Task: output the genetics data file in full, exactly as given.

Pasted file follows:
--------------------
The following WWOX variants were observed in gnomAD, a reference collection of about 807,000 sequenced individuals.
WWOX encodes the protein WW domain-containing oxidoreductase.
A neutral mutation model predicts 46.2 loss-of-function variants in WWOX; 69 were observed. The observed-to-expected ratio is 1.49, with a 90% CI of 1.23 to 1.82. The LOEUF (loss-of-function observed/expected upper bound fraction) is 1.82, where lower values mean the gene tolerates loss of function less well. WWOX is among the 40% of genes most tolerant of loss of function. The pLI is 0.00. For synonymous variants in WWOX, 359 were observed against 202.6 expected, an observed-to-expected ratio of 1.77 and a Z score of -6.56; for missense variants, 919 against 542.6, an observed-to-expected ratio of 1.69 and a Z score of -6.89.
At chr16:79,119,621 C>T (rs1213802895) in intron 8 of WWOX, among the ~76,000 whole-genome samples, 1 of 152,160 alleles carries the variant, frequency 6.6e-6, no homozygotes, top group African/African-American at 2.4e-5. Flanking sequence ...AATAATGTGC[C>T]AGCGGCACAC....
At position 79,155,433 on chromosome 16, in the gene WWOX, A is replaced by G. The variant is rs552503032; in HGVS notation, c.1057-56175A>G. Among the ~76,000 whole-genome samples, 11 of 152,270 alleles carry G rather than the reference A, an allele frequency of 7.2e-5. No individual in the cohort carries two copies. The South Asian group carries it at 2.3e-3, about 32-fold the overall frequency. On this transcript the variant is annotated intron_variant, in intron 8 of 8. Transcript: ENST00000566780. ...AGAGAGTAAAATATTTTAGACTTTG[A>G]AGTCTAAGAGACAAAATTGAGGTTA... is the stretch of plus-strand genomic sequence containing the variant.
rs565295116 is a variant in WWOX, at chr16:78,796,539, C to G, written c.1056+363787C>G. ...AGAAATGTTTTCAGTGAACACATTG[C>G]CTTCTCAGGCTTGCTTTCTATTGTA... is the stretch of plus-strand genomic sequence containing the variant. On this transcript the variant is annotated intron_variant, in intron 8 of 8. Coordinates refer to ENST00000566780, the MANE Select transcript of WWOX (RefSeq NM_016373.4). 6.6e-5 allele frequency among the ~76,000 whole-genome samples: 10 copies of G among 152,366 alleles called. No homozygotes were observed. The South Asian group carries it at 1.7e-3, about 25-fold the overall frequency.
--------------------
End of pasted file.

The following WWOX variants were observed in gnomAD, a reference collection of about 807,000 sequenced individuals.
WWOX encodes the protein WW domain-containing oxidoreductase.
A neutral mutation model predicts 46.2 loss-of-function variants in WWOX; 69 were observed. The observed-to-expected ratio is 1.49, with a 90% CI of 1.23 to 1.82. The LOEUF (loss-of-function observed/expected upper bound fraction) is 1.82, where lower values mean the gene tolerates loss of function less well. WWOX is among the 40% of genes most tolerant of loss of function. The pLI is 0.00. For synonymous variants in WWOX, 359 were observed against 202.6 expected, an observed-to-expected ratio of 1.77 and a Z score of -6.56; for missense variants, 919 against 542.6, an observed-to-expected ratio of 1.69 and a Z score of -6.89.
At chr16:79,119,621 C>T (rs1213802895) in intron 8 of WWOX, among the ~76,000 whole-genome samples, 1 of 152,160 alleles carries the variant, frequency 6.6e-6, no homozygotes, top group African/African-American at 2.4e-5. Flanking sequence ...AATAATGTGC[C>T]AGCGGCACAC....
At position 79,155,433 on chromosome 16, in the gene WWOX, A is replaced by G. The variant is rs552503032; in HGVS notation, c.1057-56175A>G. Among the ~76,000 whole-genome samples, 11 of 152,270 alleles carry G rather than the reference A, an allele frequency of 7.2e-5. No individual in the cohort carries two copies. The South Asian group carries it at 2.3e-3, about 32-fold the overall frequency. On this transcript the variant is annotated intron_variant, in intron 8 of 8. Transcript: ENST00000566780. ...AGAGAGTAAAATATTTTAGACTTTG[A>G]AGTCTAAGAGACAAAATTGAGGTTA... is the stretch of plus-strand genomic sequence containing the variant.
rs565295116 is a variant in WWOX, at chr16:78,796,539, C to G, written c.1056+363787C>G. ...AGAAATGTTTTCAGTGAACACATTG[C>G]CTTCTCAGGCTTGCTTTCTATTGTA... is the stretch of plus-strand genomic sequence containing the variant. On this transcript the variant is annotated intron_variant, in intron 8 of 8. Coordinates refer to ENST00000566780, the MANE Select transcript of WWOX (RefSeq NM_016373.4). 6.6e-5 allele frequency among the ~76,000 whole-genome samples: 10 copies of G among 152,366 alleles called. No homozygotes were observed. The South Asian group carries it at 1.7e-3, about 25-fold the overall frequency.